Sitting under a tree in Woodford Square, Port-of-Spain, secretary of Fisherman and Friends of the Sea (FFOS) Gary Aboud made a tearful plea to Prime Minister Kamla Persad-Bissessar to mediate with
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The Portuguese in the Caribbean
This article is not only about the Portuguese of the island of Madeira who settled in Trinidad from May 1846, but also about the Portuguese who over the centuries for several reasons settled in the West Indies and, as such, contributed to the history of the region in one way or another. In other words, it is about the overall historical presence of the Portuguese in the Caribbean. In fact, historians tell us that the Portuguese have been part of the life, economy and social culture of the Caribbean since the 15th century. History has it that the first Portuguese to set foot in the West Indies were the sailors on board Christopher Columbus’ three ships—the Santa María, the Pinta and the Nina—which landed on the small island of San Salvador (or Guanahani) in the Bahamas on October 12, 1492. Columbus learnt to become a skilled sailor and map-maker in Portugal, the most important seafaring country in Europe at that time. There he met many experienced sailors, some of whom accompanied him on his maiden voyage to the New World, although he was at the time at the service of the Spanish Crown and not at Portugal’s service. Since the days of Columbus, the Portuguese have emigrated over the centuries in large numbers to the Caribbean for a variety of reasons, mainly religious, political and economic.
The two most important waves of migration to the Caribbean were (i) those of the Portuguese Jews, who immigrated from the 15th to the 19th centuries for religious reasons and (ii) those of the Portuguese from the island of Madeira, who came to the Carib-bean in the second half of the 19th and early 20th centuries, also for religious but mainly for economic reasons. These two waves of Portuguese immigrants have greatly im-pacted on the economic and social development of the West Indies. Their influence can still be felt today. The first group of immigrants were Sephardic Jews who left Portugal to escape from persecution by the Catholic Inquisition in that country. It is difficult to give exact numbers of the Portuguese Jews that settled in the Caribbean because they are said to have come between the 15th and 19th centuries, but they certainly came in large numbers (several thousand). They settled from Suriname (formerly Dutch Guiana) in the south to the Bahamas and Ber-muda in the north. Important communities settled in Curacao and Aruba (where they left the Papiamento language), Barbados and Jamaica.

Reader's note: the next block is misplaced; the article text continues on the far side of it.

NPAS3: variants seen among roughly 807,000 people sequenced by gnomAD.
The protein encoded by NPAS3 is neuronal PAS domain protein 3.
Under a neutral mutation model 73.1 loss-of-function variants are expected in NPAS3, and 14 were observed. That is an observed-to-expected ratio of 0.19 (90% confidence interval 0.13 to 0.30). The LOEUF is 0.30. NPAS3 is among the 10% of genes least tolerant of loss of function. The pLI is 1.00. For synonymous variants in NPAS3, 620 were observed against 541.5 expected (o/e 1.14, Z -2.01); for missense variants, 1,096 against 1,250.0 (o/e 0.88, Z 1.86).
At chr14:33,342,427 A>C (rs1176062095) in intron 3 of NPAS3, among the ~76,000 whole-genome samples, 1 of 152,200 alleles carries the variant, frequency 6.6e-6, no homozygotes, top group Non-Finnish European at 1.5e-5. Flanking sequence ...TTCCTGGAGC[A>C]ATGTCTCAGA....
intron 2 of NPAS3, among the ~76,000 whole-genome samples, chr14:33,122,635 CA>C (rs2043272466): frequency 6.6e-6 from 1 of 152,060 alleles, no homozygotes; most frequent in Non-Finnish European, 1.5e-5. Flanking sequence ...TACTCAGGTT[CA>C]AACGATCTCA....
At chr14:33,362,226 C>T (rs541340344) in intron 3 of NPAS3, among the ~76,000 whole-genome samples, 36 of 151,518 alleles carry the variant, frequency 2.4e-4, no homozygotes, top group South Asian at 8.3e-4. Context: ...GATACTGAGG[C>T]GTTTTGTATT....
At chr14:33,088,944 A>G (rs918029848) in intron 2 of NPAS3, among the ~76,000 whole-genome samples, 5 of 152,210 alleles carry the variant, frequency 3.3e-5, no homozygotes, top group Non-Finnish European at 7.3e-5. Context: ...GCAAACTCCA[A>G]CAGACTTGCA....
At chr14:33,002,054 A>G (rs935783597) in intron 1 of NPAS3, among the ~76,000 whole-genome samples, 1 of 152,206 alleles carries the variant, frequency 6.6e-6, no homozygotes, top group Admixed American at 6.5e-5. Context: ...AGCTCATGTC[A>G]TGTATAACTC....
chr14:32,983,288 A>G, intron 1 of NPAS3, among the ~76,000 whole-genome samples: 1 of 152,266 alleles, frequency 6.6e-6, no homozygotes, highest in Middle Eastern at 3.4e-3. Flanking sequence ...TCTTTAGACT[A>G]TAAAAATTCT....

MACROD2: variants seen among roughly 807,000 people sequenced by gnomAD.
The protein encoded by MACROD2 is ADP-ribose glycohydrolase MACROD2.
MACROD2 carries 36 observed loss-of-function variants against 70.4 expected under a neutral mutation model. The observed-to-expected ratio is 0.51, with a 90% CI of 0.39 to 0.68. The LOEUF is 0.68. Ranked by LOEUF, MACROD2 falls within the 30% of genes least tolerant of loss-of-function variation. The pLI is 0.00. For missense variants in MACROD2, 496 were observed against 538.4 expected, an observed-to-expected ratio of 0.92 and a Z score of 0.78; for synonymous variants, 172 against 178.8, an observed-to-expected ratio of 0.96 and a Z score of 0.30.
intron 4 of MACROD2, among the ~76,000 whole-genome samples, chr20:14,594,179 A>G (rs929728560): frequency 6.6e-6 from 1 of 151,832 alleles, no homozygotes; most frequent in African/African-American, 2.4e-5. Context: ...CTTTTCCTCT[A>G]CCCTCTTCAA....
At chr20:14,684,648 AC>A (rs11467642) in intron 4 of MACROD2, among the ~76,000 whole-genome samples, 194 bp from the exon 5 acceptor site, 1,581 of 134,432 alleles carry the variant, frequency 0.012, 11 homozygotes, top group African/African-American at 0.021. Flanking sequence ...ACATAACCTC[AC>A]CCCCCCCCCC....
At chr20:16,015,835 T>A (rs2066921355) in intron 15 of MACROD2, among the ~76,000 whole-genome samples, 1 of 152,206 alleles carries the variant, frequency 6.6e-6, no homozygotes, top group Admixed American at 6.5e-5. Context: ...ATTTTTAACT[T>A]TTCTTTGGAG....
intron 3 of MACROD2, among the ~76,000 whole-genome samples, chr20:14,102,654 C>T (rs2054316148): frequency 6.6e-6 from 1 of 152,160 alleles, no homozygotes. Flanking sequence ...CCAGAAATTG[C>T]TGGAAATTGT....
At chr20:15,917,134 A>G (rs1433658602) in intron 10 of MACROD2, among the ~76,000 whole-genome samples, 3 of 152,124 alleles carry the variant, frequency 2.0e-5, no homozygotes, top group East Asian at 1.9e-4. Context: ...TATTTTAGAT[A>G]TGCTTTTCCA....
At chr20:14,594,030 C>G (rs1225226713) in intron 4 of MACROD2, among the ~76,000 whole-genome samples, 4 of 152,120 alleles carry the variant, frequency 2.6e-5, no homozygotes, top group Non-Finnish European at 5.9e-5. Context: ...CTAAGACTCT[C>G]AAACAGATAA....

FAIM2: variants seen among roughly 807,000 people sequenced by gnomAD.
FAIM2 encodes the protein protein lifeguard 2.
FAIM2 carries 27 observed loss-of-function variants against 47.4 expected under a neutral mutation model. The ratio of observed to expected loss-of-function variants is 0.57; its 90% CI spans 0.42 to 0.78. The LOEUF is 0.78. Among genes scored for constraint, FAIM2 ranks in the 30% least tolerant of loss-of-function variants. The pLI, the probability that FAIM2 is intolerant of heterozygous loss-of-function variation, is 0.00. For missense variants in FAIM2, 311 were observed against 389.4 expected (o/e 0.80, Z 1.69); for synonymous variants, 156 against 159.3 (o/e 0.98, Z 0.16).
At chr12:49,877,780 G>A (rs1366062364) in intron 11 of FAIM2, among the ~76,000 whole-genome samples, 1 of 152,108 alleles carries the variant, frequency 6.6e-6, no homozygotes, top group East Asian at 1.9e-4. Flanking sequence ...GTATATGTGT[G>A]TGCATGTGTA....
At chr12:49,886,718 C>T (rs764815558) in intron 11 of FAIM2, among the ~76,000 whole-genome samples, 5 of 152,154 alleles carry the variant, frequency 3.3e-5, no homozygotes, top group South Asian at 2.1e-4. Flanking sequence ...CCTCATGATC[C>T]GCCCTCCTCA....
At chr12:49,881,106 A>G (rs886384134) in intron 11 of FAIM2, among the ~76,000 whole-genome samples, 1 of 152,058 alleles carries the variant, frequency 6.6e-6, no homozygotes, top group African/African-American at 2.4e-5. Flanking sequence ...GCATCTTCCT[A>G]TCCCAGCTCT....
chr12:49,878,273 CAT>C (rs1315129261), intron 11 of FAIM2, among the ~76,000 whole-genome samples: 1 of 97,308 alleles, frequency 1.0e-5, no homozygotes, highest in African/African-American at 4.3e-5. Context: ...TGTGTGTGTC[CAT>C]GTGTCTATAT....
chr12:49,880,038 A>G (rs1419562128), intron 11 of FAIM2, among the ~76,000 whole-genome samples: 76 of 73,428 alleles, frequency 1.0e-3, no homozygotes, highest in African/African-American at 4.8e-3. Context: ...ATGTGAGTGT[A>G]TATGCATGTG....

They made their influence felt not only in the academic world, but also in politics, trade, agriculture (sugar plantation industry) and the arts. They built Portu-guese synagogues and cemeteries in all the countries they settled, some of which can still be found today: Suriname, Barbados, Curacao, Jamaica and the Bahamas, among others. The second large group of Portuguese settlers came to the West Indies in the 19th century and also the first part of the 20th century. They originated from the Azores, the Cape Verde Islands and also from Madeira. By far the largest group came from Madei-ra. In fact, with the end of slavery in the West Indies as a result of the Slavery Abolition Act published in London in 1833 (effective from 1834), many farmers in the region were left without their traditional labour force and were therefore forced to import indentured and contract workers from several parts of the world, including the Portuguese islands of the Atlantic, to work on Caribbean farms (especially sugar plantations). At that time, the island of Madeira was suffering from serious economic problems and the Protestant community there was the object of religious harassment by the Catholic clergy of Funchal. The conditions were set for Ma-deira to become a major supplier of agricultural workers to the plantations of the West Indies in the 19th century.
Practically all countries of the region—from Guyana (then Demerara, British Guiana) to Cuba—received agricultural workers from Madeira. The great majority settled in Demerara and Trinidad (including, in the latter case, the persecuted Protestants of Funchal, who received the protection and assistance of the Greyfriars Presbyterian Church of Port-of-Spain). The rest is history and is well documented in the works of many distinguished descendants of Madeirans, for example, the scholars Sister M Noel de Menezes of Guyana and Dr Jo-Anne S Ferreira of T&T. From their writings, we learn that the Madeiran people moved from the agricultural fields, soon after their arrival in the Carib-bean, to enter not only shop-keeping but also other professions and trades. Today, they are in all walks of life, fully integrated into the political, economic and social life of the West Indies, with their important social contribution being felt everywhere in the region. Among them, I would like to mention Dr Ralph Gonsalves, the current Prime Minister of St Vincent & the Grenadines. Not to be forgotten are those who joined the British armed forces of the West Indies and fought bravely during the First and Second World Wars, thus contributing to the present freedom of the Western Hemisphere.
Dr Luis Ritto, a university professor and academic director at the International School of Protocol and Diplomacy in Brussels, and former EU ambassador to the UN organisations, the Holy See and the Sovereign Order of Malta, lived and worked in Madeira for some ten years, and as EU ambassador travelled throughout the Caribbean, visiting both Trinidad and Guyana several times
(This article appeared in Portuguese in the Diário de Notícias on May 8)
Dr Luis Ritto